5. Stick one backer board on top of your spine. Carefully and slowly lower the press onto the comic and make sure the spine flattens out.
  6. Keep the book this way for 5 minutes.
  7. Now swivel everything around and press the overhang portion of the comic book spine. Press for 5 minutes.
  8. Now remove the book, keep the boards there. Maybe take the bottom backer board and put on top in case there was a staple indent.  Flip the book over on its opposite side, with the staples now facing up.
  9. Set the book carefully onto the stack of backer boards with the staples facing up – 90 degrees perpendicular to the pad. You will have an overhang obviously.  That’s fine.  You’re going to rotate in 5 minutes anyway to do the overhang side.
  10. Stick one backer board on top of your spine with the staples facing up. Carefully and slowly lower the press onto the comic and make sure the spine flattens out.
  11. Keep the book this way for 5 minutes.
  12. Now swivel everything around and press the overhang portion of the comic book spine. Press for 5 minutes.
  13. The book should now be completely flattened out.
  14. You are going to make your own new centerfold now. Remove all backer boards and anything left in the press.  Only should have a rubber pad and a metal plate above, nothing else.
  15. Using latex gloves, you are going to fold the book carefully in half. Stand the book up on its bottom edge when doing so.  Pinch the middle center with your index finger and thumb TIGHT so no movement happens between pages.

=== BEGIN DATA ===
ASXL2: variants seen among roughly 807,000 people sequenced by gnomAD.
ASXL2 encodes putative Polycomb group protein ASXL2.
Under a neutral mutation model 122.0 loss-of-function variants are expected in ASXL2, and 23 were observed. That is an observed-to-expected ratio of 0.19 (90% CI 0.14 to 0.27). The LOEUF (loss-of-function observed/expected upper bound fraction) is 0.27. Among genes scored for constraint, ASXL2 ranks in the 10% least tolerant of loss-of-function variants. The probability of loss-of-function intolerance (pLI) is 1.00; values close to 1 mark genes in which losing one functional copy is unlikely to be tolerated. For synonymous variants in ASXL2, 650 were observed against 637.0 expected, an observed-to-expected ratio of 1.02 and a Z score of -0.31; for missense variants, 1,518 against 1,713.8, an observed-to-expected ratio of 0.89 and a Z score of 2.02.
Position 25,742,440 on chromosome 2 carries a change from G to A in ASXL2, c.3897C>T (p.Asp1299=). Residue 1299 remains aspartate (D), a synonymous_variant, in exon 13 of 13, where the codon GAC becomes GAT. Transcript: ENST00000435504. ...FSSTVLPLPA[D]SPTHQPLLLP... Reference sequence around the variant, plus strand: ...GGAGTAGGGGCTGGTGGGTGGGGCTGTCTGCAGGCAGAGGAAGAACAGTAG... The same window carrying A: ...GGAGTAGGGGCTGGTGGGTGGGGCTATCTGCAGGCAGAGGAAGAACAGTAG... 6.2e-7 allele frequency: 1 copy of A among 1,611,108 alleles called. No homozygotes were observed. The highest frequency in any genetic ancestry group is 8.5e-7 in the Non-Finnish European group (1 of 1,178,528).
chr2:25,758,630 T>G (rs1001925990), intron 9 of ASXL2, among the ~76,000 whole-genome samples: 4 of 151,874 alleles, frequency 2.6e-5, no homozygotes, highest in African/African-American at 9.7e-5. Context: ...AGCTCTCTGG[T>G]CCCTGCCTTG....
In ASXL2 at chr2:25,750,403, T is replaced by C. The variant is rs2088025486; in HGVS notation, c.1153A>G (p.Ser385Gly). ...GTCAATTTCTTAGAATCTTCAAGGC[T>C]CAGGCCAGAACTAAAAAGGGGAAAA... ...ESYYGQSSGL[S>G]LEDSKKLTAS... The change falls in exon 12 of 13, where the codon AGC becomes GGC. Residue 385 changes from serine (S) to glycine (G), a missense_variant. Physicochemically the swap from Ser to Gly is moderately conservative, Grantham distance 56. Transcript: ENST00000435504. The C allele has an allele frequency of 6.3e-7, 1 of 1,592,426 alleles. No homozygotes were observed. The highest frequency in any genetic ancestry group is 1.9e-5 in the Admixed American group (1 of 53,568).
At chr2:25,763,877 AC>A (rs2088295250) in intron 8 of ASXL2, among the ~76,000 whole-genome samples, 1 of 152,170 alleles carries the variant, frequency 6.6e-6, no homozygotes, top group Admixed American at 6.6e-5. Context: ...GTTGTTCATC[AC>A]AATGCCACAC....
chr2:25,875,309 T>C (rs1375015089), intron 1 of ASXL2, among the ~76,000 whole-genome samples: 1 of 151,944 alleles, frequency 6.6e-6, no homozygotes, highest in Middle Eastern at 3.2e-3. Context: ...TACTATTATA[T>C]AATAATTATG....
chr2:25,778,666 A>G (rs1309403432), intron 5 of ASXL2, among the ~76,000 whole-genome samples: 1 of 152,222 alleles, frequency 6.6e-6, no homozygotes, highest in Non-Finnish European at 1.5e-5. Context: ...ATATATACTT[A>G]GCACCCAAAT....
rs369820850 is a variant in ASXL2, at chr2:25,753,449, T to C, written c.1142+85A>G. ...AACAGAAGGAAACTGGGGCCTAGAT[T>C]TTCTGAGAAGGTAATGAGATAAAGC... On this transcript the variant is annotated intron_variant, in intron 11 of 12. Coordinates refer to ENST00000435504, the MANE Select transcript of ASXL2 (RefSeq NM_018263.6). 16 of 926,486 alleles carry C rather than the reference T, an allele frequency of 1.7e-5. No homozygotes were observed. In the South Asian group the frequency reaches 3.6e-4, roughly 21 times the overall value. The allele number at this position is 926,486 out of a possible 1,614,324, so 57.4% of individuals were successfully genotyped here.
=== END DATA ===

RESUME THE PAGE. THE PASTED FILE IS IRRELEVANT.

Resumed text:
16. Stick the pinched comic with your fingers in sideways, allowing 7/8 of the comic’s surface on top of the rubber pad. Bring the metal plate down onto the comic and press down .   You want your fingers so close to the plate that it will almost press your thumb down.  Do not let the book move or travel with the press.  You get only one shot at this!  The reason you are using 7/8 of the surface is to minimize travel of the book when the press goes down on the book.  If you barely place the comic in at just it’s spine, the entire book will travel and move on you as its being pressed!   This step will take you time and practice to get the hang of it.  Start small on simple dollar books!

A Word on Spine Adjustments
You can actually do the spine realignment on any book, even a brand new modern book!  I recommend this for blunted corners and deep spine indents.  This method is preferred instead of just shoving backer boards into your centerfolds and interior covers.  If you only use backer boards or stacks of paper, you risk imprinting edges of the paper or backer boards into your books.  Evidence of this is a simple vertical line that travels the length of the spine.


Final Word
160 degrees or lower seems to be the “sweet spot” on most books to play it safe.  Always keep a timer with you and don’t forger to set your timer!  These steps are some of the things that can be done to successfully press a comic book, magazine, or poster with minimal to no damage to the item being pressed.  These tips will hopefully save you money, and guide you along the way as YOU learn and pick up new ideas and better ways to accomplish things.  I am not a professional presser, and I’m not a professional grader.  However, these are the methods I use when I press comic books.  All of this is a learning process.  I encourage you all to share your ideas among everyone so that we can all prevent damage to one another’s books.  Thank you!


I have a facebook pressing group found here at this link: